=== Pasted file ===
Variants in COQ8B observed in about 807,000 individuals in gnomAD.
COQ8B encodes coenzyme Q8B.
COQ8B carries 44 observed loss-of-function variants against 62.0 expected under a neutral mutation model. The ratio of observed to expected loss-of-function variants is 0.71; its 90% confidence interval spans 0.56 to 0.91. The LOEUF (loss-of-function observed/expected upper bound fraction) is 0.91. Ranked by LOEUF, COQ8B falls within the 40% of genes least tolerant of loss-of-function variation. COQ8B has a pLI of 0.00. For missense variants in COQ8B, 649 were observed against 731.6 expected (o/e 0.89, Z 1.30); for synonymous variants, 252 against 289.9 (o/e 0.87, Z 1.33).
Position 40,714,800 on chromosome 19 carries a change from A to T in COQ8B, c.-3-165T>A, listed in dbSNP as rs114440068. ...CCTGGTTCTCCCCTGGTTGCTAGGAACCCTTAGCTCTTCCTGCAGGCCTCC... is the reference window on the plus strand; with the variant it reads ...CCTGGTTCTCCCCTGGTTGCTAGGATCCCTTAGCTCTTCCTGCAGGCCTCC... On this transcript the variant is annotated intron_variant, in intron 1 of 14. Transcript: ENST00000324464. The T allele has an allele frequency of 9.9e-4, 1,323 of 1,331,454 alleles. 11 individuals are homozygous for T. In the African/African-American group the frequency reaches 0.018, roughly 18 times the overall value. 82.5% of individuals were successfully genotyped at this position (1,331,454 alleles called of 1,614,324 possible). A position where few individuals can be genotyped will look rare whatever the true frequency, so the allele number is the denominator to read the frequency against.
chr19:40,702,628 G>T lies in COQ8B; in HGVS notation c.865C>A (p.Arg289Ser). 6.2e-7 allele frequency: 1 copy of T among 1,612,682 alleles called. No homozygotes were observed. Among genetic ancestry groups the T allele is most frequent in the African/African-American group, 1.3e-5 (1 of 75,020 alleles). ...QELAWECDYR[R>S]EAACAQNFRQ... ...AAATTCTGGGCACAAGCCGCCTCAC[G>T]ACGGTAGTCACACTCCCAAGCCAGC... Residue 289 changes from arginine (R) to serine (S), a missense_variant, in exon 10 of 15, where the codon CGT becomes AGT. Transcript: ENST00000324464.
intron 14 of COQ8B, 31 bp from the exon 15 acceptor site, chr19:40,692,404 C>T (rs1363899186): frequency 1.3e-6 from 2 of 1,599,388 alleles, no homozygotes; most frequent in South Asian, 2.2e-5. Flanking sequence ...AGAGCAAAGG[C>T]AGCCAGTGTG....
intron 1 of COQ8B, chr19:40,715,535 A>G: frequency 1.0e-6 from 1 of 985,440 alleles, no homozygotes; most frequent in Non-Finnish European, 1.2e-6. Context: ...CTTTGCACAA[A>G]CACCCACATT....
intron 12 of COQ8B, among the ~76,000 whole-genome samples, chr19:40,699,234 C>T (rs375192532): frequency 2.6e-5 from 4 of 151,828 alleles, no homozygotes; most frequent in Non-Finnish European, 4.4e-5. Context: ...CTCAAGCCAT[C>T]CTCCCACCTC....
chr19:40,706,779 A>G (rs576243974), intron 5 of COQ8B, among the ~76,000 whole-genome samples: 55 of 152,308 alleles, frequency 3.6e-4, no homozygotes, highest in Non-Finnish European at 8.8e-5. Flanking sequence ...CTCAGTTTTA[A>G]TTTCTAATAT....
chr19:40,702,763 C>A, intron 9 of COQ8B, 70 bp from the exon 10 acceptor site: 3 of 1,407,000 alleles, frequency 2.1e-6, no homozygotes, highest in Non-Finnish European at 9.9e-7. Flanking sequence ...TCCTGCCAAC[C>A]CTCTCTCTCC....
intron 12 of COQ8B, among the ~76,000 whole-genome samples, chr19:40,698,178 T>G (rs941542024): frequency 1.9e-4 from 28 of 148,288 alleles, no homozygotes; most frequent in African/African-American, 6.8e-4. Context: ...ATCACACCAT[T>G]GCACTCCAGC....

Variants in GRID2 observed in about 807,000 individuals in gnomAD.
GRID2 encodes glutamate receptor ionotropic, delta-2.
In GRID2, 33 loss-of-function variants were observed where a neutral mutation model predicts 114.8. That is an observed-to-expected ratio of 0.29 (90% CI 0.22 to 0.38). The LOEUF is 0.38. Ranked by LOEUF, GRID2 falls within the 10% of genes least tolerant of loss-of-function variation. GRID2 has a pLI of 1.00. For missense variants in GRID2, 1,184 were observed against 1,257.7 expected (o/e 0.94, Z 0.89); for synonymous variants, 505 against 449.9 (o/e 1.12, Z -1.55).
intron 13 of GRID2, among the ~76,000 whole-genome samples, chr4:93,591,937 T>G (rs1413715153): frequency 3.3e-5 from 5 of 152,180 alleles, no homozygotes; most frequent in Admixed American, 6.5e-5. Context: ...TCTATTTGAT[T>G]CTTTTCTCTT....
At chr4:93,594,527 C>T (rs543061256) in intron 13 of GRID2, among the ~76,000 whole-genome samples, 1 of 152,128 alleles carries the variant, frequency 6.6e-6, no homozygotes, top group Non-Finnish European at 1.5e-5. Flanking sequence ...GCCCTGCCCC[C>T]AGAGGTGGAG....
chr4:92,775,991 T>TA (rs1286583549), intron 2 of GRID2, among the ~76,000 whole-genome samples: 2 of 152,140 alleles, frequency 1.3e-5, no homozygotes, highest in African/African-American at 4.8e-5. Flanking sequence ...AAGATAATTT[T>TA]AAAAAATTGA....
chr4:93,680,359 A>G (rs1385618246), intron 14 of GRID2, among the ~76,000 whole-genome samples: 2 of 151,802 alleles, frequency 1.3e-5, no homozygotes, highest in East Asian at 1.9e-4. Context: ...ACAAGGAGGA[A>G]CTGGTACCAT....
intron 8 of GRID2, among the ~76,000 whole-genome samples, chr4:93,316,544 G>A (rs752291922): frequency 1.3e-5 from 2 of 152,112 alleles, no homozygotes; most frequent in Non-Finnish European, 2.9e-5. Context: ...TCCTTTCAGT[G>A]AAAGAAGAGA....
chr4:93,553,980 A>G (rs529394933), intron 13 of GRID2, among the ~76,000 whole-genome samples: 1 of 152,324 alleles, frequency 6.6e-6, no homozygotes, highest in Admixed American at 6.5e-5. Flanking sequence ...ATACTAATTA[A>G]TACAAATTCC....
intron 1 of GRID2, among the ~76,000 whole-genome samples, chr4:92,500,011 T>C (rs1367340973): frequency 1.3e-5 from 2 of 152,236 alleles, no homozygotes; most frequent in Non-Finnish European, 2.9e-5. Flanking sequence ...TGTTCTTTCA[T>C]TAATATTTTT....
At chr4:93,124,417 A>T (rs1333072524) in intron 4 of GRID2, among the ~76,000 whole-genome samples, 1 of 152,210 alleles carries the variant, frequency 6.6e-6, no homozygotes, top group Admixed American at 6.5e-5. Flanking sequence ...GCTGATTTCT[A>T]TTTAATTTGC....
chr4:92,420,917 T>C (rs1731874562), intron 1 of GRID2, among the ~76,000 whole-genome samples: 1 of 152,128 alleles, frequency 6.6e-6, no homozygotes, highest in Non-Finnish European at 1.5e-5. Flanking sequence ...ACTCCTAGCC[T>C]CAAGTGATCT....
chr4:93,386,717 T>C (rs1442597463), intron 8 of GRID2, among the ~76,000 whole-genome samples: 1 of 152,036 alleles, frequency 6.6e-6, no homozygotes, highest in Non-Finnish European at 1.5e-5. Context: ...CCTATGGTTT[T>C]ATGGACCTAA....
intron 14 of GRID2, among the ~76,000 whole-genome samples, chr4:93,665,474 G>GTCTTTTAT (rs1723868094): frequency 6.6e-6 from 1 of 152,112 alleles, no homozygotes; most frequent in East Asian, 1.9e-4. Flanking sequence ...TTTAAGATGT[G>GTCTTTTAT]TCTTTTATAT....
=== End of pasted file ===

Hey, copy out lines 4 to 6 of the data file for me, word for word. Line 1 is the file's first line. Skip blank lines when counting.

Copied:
Position 40,714,800 on chromosome 19 carries a change from A to T in COQ8B, c.-3-165T>A, listed in dbSNP as rs114440068. ...CCTGGTTCTCCCCTGGTTGCTAGGAACCCTTAGCTCTTCCTGCAGGCCTCC... is the reference window on the plus strand; with the variant it reads ...CCTGGTTCTCCCCTGGTTGCTAGGATCCCTTAGCTCTTCCTGCAGGCCTCC... On this transcript the variant is annotated intron_variant, in intron 1 of 14. Transcript: ENST00000324464. The T allele has an allele frequency of 9.9e-4, 1,323 of 1,331,454 alleles. 11 individuals are homozygous for T. In the African/African-American group the frequency reaches 0.018, roughly 18 times the overall value. 82.5% of individuals were successfully genotyped at this position (1,331,454 alleles called of 1,614,324 possible). A position where few individuals can be genotyped will look rare whatever the true frequency, so the allele number is the denominator to read the frequency against.
chr19:40,702,628 G>T lies in COQ8B; in HGVS notation c.865C>A (p.Arg289Ser). 6.2e-7 allele frequency: 1 copy of T among 1,612,682 alleles called. No homozygotes were observed. Among genetic ancestry groups the T allele is most frequent in the African/African-American group, 1.3e-5 (1 of 75,020 alleles). ...QELAWECDYR[R>S]EAACAQNFRQ... ...AAATTCTGGGCACAAGCCGCCTCAC[G>T]ACGGTAGTCACACTCCCAAGCCAGC... Residue 289 changes from arginine (R) to serine (S), a missense_variant, in exon 10 of 15, where the codon CGT becomes AGT. Transcript: ENST00000324464.
intron 14 of COQ8B, 31 bp from the exon 15 acceptor site, chr19:40,692,404 C>T (rs1363899186): frequency 1.3e-6 from 2 of 1,599,388 alleles, no homozygotes; most frequent in South Asian, 2.2e-5. Flanking sequence ...AGAGCAAAGG[C>T]AGCCAGTGTG....